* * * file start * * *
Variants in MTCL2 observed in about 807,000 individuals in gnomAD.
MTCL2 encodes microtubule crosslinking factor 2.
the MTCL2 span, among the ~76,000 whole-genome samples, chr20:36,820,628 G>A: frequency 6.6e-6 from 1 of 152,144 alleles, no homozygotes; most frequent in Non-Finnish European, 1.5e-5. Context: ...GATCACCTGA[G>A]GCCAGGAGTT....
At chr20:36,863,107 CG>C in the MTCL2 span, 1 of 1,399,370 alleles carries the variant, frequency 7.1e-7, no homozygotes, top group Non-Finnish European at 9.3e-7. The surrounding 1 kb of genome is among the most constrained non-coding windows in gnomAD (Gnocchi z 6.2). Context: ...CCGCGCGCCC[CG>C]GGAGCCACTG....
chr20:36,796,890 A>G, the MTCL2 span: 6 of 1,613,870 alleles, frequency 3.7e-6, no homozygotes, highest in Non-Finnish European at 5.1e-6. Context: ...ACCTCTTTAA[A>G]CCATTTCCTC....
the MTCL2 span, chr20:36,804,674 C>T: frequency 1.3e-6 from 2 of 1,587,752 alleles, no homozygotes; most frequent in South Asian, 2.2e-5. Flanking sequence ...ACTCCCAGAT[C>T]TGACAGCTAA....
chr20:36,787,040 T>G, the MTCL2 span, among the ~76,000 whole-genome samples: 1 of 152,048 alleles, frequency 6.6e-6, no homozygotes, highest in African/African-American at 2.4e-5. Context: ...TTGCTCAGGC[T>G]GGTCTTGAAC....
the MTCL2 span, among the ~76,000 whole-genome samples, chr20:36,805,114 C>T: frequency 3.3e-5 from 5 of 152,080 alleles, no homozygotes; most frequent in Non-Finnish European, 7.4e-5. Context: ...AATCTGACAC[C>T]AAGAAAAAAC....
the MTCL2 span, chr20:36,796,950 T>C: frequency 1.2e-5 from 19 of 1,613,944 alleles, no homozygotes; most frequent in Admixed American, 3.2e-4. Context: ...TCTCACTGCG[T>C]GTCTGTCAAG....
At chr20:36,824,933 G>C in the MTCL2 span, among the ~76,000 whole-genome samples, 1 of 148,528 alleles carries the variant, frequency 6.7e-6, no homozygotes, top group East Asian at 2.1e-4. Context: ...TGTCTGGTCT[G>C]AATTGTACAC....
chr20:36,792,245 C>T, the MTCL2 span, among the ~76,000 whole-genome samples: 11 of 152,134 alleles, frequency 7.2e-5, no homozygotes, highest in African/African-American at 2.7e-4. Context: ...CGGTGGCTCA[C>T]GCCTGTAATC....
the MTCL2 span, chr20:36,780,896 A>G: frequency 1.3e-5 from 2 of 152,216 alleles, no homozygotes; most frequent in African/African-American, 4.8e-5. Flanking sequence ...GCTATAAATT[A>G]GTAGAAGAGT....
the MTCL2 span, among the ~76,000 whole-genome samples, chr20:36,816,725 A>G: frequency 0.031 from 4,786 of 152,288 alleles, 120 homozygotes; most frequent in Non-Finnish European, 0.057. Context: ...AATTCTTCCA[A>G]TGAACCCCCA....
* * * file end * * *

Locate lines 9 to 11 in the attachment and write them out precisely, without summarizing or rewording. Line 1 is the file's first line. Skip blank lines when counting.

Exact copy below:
the MTCL2 span, chr20:36,796,950 T>C: frequency 1.2e-5 from 19 of 1,613,944 alleles, no homozygotes; most frequent in Admixed American, 3.2e-4. Context: ...TCTCACTGCG[T>C]GTCTGTCAAG....
At chr20:36,824,933 G>C in the MTCL2 span, among the ~76,000 whole-genome samples, 1 of 148,528 alleles carries the variant, frequency 6.7e-6, no homozygotes, top group East Asian at 2.1e-4. Context: ...TGTCTGGTCT[G>C]AATTGTACAC....
chr20:36,792,245 C>T, the MTCL2 span, among the ~76,000 whole-genome samples: 11 of 152,134 alleles, frequency 7.2e-5, no homozygotes, highest in African/African-American at 2.7e-4. Context: ...CGGTGGCTCA[C>T]GCCTGTAATC....